I just returned from an excellent trip to Pennsylvania, with visits to Lancaster County, Mifflin County, Dauphin County and Lebanon County.  I had planned to post regularly over the past week, which since I stay in Amish homes I usually do via the 3G internet access on my Kindle. Unfortunately the device froze on Saturday and, whatever I tried, wouldn’t restart.  The people at Amazon were highly helpful, as I’ve noticed them to be in the past, and sent out a replacement (free of charge) which was waiting when I arrived back to NC last night.  Another reason I’m a fan of the company (is it just me, or have other Amazon users had similar experiences with their customer service?).

Now that I’m back, a few stories you might enjoy from the trip:

Super cured  I was hit like a mule kick by some sort of bug mid-morning Sunday.  The kind that brings chills and fever and sudden fatigue.  After letting me sleep for a couple of hours, my Amish hosts took to administering care to their “English Patient”.

The first treatment given was something called “super tonic”.  I was told of five ingredients–onion, garlic, hot pepper, horseradish, and a fifth which has slipped my mind.  I flinched and asked for tea, but they brought me a diluted version of the tonic anyway.  Even that less than 50-50 water mixture has enough pop to make you cough.  I got it all down though while sitting in the recliner next to the wood stove.

The second remedy was a tea I’ll call “Muddy Mountain Dew”.  The name has nothing to do with its rather neutral flavor, but with its color, a flourescent green a couple notches darker than the soda. Of the ingredients listed I remember only echinacea and stinging nettles.  I put down two big mugs of this over the course of the day.

The problem with being this kind of sick in an Amish home, by the way, is the food, or rather the not-eating-of-it.  On falling ill my appetite instantly evaporated, and over the next 24 hours I was able to put down but one slice of buttered toast and half a bowl of tomato soup.  Wasted food opportunity!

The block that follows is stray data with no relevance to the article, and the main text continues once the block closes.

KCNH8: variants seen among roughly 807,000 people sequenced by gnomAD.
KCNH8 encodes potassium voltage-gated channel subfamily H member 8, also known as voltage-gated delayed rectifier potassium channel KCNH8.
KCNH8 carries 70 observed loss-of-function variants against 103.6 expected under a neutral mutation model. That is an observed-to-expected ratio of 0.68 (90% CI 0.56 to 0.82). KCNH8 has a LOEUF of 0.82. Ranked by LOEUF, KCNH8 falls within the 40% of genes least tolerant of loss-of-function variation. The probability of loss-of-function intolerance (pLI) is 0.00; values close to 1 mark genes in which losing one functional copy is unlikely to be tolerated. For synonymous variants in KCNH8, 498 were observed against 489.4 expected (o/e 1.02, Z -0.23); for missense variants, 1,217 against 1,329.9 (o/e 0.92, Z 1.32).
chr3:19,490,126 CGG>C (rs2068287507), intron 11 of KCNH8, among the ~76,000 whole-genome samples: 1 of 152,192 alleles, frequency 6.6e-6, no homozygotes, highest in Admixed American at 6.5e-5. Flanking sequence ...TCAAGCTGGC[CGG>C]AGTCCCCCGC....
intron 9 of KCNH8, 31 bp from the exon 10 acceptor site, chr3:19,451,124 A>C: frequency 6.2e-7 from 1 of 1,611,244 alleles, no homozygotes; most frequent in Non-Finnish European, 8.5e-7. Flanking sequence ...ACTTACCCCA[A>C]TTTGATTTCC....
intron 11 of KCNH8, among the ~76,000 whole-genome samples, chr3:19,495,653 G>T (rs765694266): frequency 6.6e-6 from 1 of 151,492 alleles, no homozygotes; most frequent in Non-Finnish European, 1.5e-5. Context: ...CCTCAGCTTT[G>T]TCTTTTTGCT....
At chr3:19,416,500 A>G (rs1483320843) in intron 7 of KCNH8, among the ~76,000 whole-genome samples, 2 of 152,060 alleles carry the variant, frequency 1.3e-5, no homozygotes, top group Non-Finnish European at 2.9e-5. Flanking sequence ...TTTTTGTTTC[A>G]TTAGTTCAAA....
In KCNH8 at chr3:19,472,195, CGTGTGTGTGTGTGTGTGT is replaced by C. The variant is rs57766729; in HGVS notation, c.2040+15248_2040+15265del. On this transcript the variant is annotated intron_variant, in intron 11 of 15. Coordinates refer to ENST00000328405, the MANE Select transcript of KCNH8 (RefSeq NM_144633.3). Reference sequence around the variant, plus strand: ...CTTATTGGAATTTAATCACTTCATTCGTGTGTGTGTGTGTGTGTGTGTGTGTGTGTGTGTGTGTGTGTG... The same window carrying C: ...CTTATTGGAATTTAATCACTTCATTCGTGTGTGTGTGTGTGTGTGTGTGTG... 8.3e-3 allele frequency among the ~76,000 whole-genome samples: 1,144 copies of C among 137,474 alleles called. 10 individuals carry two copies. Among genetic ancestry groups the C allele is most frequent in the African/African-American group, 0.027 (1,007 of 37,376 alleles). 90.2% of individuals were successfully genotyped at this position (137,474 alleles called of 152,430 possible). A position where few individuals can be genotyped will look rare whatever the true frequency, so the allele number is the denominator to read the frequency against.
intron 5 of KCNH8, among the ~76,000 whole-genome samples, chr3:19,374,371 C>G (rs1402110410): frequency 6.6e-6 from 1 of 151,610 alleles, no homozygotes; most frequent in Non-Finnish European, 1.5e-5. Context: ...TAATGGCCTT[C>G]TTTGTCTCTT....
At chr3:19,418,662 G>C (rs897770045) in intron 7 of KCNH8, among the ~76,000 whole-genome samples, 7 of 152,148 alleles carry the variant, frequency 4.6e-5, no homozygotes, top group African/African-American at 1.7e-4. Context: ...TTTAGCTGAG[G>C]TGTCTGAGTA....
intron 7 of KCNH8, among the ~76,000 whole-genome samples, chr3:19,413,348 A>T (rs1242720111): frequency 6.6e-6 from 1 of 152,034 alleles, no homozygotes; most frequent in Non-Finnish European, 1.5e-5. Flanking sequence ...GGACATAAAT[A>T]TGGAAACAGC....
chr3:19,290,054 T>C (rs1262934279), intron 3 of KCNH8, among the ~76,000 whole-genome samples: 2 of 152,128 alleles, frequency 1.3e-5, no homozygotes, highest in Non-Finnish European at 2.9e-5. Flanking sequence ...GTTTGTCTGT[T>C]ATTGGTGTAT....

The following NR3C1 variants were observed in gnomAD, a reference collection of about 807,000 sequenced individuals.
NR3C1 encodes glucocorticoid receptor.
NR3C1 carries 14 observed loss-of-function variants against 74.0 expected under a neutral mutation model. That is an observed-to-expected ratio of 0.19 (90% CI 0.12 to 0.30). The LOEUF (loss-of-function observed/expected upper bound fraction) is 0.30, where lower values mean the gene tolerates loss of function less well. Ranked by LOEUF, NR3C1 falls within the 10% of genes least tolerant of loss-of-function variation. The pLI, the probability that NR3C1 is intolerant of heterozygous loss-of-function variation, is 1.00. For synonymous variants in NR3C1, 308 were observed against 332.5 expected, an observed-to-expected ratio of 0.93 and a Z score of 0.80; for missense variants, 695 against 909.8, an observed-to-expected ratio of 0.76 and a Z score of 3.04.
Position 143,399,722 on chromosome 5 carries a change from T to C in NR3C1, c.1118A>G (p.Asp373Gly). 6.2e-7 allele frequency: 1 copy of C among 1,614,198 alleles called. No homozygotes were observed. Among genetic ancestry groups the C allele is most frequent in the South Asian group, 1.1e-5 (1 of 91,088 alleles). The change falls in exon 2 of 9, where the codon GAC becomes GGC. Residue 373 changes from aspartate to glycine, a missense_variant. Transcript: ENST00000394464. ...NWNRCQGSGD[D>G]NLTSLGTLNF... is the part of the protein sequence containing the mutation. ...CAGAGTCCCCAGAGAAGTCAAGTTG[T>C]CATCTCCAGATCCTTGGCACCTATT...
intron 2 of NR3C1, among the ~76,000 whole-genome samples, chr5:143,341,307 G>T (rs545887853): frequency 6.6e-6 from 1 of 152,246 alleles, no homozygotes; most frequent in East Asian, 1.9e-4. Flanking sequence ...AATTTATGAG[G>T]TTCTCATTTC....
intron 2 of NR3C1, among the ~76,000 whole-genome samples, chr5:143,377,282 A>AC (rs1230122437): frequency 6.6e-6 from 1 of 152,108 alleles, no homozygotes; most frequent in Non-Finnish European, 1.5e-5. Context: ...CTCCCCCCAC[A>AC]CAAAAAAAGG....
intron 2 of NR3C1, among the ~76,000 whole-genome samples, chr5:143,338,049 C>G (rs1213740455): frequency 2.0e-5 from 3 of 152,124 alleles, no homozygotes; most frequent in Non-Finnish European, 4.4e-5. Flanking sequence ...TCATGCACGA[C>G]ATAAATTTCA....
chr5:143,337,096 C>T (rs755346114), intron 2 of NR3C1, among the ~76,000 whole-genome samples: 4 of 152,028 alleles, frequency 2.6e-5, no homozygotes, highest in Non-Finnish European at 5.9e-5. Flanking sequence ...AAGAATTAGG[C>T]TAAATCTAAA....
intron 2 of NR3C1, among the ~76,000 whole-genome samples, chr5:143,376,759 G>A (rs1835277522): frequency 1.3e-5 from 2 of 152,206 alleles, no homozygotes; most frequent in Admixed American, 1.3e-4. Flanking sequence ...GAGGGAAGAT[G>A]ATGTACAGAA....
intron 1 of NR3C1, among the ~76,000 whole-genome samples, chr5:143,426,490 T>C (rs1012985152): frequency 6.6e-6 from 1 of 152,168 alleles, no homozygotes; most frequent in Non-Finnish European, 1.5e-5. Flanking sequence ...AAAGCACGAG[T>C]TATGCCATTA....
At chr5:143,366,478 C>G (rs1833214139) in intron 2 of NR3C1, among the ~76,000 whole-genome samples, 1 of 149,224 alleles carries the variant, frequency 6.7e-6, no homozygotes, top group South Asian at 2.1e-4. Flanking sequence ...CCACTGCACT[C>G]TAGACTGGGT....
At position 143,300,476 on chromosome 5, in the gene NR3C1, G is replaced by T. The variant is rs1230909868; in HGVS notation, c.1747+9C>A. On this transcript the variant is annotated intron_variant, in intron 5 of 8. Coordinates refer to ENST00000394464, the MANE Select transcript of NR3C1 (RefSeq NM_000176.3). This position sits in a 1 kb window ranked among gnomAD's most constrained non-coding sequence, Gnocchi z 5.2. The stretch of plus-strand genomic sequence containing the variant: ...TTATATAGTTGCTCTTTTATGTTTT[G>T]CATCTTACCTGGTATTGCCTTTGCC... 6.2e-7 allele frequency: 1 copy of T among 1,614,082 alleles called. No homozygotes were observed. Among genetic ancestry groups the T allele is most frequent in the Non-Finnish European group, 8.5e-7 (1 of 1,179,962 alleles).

The good news is that the next day I was back to full health.  Cured by super tonic, Mountain Dew tea, or a bug simply running its course?  Maybe a bit of all three.

Big Valley Tech  I was happy to be recovered, for Monday I was due to take a Lancaster Amish friend along on a trip to Big Valley in Mifflin County.  While visiting a pair of Nebraska Amish sawmill owners in the Valley I found further evidence that members of this group are not as conservative as you’d think.

There are multiple groups within the Nebraska family due to division, much of which I believe has happened in recent years (I hadn’t found anyone yet who knows that story well enough to tell).  While Nebraska Amish may remain very conservative in certain areas such as their clothing and buggy design, in business-related areas some are permitting a good measure of technology (including rubber-tired payloaders and perhaps most surprisingly, some cell phone usage).

After telling another Lancaster friend about this, I was pointed to this video of a Nebraska Amish auctioneer, which in the context of my visit (and in recent discussions over photos of Nebraska Amish) I found especially interesting:

Sap season  On Saturday pre-sickness we collected sap from maple trees scattered along my friend’s property, and from some neighbor trees they are allowed to tap.  To gather the sap we used an old but reliable family horse to haul a milk sputnik and plastic drum where the sap would be collected.

Having never done this I hadn’t realized how much flows from a single tree in season.  The buckets were nearly overflowing, with some of the sap frozen in large chunks.  The three little boys along happily broke off chunks of the sap ice to crunch on.  It has a very slight sweetness when it first hits your tongue but is close to frozen ice otherwise.

The sap first boiled down in a large wood-fired boiler outside, basically a square-shaped container with a place to stoke a fire beneath and a pipe to draw off the smoke.  It’s then finished inside on the house stove.  The 40 gallons we collected Saturday gave 1 gallon of syrup.  Monday was apparently a record haul with 70 gallons coming in.  In season the sap needs to be collected every other day.